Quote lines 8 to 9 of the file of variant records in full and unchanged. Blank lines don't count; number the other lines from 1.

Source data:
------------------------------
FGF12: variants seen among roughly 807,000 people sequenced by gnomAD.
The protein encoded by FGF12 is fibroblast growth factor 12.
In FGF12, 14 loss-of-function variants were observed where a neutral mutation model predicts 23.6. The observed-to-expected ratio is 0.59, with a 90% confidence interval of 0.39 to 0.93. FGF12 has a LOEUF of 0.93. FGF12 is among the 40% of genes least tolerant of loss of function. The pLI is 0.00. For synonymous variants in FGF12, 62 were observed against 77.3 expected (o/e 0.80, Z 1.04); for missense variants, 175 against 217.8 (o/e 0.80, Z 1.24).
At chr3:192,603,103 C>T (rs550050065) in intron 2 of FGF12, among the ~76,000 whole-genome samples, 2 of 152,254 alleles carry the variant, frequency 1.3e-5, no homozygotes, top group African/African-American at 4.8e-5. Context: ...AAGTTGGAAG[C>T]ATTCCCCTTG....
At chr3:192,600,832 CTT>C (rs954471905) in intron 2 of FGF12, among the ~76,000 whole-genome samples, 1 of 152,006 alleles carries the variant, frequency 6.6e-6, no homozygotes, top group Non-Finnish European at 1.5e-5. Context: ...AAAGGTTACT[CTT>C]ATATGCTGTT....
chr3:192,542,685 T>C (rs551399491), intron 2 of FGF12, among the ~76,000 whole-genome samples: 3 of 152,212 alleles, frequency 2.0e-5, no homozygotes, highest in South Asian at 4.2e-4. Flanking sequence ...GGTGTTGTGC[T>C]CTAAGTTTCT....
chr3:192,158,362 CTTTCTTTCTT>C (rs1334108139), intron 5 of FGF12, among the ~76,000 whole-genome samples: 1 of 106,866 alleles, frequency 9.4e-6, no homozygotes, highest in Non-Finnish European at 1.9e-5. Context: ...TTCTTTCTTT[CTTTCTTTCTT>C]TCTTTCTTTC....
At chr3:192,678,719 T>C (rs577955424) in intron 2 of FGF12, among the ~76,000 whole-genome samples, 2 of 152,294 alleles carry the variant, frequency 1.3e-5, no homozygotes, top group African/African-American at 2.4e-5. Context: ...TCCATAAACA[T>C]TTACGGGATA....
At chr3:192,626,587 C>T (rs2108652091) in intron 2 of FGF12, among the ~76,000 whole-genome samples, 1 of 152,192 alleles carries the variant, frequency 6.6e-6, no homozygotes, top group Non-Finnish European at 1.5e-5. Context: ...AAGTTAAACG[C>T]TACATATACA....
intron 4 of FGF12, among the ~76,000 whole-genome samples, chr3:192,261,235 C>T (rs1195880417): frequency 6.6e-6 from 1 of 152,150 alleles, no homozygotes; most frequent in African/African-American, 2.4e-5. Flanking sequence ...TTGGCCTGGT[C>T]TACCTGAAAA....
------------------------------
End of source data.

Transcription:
At chr3:192,678,719 T>C (rs577955424) in intron 2 of FGF12, among the ~76,000 whole-genome samples, 2 of 152,294 alleles carry the variant, frequency 1.3e-5, no homozygotes, top group African/African-American at 2.4e-5. Context: ...TCCATAAACA[T>C]TTACGGGATA....
At chr3:192,626,587 C>T (rs2108652091) in intron 2 of FGF12, among the ~76,000 whole-genome samples, 1 of 152,192 alleles carries the variant, frequency 6.6e-6, no homozygotes, top group Non-Finnish European at 1.5e-5. Context: ...AAGTTAAACG[C>T]TACATATACA....